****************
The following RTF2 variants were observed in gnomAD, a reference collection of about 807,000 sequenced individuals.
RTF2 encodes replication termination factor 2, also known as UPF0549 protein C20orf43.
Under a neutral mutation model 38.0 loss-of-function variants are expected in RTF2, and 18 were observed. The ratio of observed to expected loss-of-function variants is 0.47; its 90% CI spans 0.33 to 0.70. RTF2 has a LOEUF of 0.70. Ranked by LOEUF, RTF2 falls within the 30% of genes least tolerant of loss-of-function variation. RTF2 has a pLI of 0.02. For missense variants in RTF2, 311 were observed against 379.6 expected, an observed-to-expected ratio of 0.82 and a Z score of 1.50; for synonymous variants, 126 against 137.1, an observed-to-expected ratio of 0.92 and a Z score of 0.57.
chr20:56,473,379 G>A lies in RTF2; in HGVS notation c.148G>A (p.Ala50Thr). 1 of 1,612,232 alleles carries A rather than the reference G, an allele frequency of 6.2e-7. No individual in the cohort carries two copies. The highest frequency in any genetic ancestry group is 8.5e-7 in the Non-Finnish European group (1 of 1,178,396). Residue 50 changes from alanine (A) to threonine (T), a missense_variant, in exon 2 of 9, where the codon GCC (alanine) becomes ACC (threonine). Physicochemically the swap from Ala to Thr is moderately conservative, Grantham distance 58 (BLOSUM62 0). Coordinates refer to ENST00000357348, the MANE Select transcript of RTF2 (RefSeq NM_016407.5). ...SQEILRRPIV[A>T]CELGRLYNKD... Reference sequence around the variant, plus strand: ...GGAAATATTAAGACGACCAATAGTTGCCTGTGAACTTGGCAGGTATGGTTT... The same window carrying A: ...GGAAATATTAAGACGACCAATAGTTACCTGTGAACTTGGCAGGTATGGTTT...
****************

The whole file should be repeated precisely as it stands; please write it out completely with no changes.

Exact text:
The following RTF2 variants were observed in gnomAD, a reference collection of about 807,000 sequenced individuals.
RTF2 encodes replication termination factor 2, also known as UPF0549 protein C20orf43.
Under a neutral mutation model 38.0 loss-of-function variants are expected in RTF2, and 18 were observed. The ratio of observed to expected loss-of-function variants is 0.47; its 90% CI spans 0.33 to 0.70. RTF2 has a LOEUF of 0.70. Ranked by LOEUF, RTF2 falls within the 30% of genes least tolerant of loss-of-function variation. RTF2 has a pLI of 0.02. For missense variants in RTF2, 311 were observed against 379.6 expected, an observed-to-expected ratio of 0.82 and a Z score of 1.50; for synonymous variants, 126 against 137.1, an observed-to-expected ratio of 0.92 and a Z score of 0.57.
chr20:56,473,379 G>A lies in RTF2; in HGVS notation c.148G>A (p.Ala50Thr). 1 of 1,612,232 alleles carries A rather than the reference G, an allele frequency of 6.2e-7. No individual in the cohort carries two copies. The highest frequency in any genetic ancestry group is 8.5e-7 in the Non-Finnish European group (1 of 1,178,396). Residue 50 changes from alanine (A) to threonine (T), a missense_variant, in exon 2 of 9, where the codon GCC (alanine) becomes ACC (threonine). Physicochemically the swap from Ala to Thr is moderately conservative, Grantham distance 58 (BLOSUM62 0). Coordinates refer to ENST00000357348, the MANE Select transcript of RTF2 (RefSeq NM_016407.5). ...SQEILRRPIV[A>T]CELGRLYNKD... Reference sequence around the variant, plus strand: ...GGAAATATTAAGACGACCAATAGTTGCCTGTGAACTTGGCAGGTATGGTTT... The same window carrying A: ...GGAAATATTAAGACGACCAATAGTTACCTGTGAACTTGGCAGGTATGGTTT...